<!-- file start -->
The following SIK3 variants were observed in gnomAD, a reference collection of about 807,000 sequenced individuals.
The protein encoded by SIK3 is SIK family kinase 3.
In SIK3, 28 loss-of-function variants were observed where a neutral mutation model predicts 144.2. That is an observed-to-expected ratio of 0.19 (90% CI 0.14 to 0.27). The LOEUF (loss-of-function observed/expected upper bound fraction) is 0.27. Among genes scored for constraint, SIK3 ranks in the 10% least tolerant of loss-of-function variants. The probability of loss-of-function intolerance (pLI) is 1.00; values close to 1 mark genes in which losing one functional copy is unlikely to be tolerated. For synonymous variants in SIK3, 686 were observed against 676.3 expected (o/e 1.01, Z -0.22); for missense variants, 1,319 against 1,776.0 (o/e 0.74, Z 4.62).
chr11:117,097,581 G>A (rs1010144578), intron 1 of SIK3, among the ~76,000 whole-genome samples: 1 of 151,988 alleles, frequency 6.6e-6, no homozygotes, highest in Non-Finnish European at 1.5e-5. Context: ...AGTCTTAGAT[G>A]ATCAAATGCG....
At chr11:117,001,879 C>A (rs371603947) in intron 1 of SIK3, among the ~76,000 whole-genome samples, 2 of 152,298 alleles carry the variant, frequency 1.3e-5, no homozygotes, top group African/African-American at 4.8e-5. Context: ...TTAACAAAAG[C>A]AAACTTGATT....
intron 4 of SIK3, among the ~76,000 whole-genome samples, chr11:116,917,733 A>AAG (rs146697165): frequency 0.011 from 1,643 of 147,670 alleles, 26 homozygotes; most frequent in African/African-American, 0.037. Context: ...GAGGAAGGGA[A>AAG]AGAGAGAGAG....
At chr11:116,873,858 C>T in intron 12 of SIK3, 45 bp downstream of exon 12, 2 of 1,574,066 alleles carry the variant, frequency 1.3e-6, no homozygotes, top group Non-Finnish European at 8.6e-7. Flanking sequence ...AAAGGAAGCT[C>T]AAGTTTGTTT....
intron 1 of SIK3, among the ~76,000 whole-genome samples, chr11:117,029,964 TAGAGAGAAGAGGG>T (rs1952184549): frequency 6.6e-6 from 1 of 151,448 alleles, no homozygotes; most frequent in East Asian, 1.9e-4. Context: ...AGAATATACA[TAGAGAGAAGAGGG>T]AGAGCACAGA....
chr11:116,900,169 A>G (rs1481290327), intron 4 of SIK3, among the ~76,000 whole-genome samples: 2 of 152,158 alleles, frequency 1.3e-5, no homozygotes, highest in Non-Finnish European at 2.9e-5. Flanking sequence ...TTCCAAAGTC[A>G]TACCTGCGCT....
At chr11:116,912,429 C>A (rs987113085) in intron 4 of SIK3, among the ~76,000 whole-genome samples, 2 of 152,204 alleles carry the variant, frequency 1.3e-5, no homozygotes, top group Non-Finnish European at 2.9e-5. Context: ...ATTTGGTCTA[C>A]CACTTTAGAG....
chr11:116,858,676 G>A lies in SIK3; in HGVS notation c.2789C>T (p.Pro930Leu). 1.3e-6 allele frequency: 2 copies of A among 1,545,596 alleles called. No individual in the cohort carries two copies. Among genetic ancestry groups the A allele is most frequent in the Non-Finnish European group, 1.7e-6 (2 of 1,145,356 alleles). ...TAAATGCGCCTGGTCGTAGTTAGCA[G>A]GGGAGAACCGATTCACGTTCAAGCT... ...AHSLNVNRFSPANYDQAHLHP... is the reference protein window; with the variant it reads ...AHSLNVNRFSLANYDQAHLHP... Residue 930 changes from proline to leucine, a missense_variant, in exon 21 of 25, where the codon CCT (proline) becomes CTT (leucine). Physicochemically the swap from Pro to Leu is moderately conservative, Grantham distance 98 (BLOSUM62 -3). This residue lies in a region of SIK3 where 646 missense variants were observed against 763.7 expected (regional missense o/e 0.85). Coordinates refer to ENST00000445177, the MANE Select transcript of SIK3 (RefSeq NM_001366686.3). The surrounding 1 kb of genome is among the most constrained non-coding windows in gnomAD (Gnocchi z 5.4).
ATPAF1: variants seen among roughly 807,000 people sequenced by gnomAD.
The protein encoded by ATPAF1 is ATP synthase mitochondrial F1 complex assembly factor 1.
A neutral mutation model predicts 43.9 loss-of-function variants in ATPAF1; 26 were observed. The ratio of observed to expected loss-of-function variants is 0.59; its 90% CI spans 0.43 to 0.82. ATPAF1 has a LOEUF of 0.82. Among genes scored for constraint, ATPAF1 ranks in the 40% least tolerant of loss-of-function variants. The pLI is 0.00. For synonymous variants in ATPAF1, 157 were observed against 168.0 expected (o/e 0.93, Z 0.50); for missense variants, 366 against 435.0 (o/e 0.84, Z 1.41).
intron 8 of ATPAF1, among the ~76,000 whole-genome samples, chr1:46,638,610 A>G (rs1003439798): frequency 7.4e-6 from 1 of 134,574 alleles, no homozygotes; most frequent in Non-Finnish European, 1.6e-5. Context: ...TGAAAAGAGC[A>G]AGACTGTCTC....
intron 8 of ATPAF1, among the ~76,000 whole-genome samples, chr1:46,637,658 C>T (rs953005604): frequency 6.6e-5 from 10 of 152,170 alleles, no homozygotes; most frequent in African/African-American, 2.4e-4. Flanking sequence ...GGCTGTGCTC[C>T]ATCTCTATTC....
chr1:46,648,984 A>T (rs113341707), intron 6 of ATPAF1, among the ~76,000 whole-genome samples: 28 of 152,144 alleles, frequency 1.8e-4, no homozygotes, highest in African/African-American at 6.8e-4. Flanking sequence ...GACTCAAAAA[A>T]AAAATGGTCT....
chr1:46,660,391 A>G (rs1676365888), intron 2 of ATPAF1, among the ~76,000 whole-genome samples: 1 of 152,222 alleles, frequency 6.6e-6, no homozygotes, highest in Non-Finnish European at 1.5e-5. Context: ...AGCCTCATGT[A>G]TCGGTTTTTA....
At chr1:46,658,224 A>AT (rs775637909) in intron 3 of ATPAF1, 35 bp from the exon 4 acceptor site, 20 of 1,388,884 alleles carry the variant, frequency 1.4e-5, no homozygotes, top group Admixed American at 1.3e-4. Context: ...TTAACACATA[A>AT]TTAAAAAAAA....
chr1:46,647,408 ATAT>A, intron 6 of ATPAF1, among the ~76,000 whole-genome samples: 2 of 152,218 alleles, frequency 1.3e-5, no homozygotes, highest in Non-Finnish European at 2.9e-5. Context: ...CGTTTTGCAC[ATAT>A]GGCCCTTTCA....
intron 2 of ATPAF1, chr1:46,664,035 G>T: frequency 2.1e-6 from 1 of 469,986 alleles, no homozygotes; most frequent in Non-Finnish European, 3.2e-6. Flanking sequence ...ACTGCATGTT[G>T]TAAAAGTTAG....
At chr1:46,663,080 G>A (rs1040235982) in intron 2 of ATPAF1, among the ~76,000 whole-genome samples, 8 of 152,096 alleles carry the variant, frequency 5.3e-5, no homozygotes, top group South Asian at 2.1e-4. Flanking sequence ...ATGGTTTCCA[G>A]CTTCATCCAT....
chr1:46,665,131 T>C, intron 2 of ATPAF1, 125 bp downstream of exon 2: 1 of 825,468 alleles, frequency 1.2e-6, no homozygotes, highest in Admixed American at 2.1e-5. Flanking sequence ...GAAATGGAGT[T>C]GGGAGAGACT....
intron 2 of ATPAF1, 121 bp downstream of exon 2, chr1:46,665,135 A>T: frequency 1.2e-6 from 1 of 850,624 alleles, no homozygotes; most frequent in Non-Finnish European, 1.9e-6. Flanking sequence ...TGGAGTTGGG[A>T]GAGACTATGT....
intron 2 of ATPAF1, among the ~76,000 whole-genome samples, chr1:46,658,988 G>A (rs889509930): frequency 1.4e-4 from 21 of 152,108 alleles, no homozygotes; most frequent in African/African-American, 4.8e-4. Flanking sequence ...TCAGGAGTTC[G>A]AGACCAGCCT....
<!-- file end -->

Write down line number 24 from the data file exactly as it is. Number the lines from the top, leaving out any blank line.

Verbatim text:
intron 2 of ATPAF1, 121 bp downstream of exon 2, chr1:46,665,135 A>T: frequency 1.2e-6 from 1 of 850,624 alleles, no homozygotes; most frequent in Non-Finnish European, 1.9e-6. Flanking sequence ...TGGAGTTGGG[A>T]GAGACTATGT....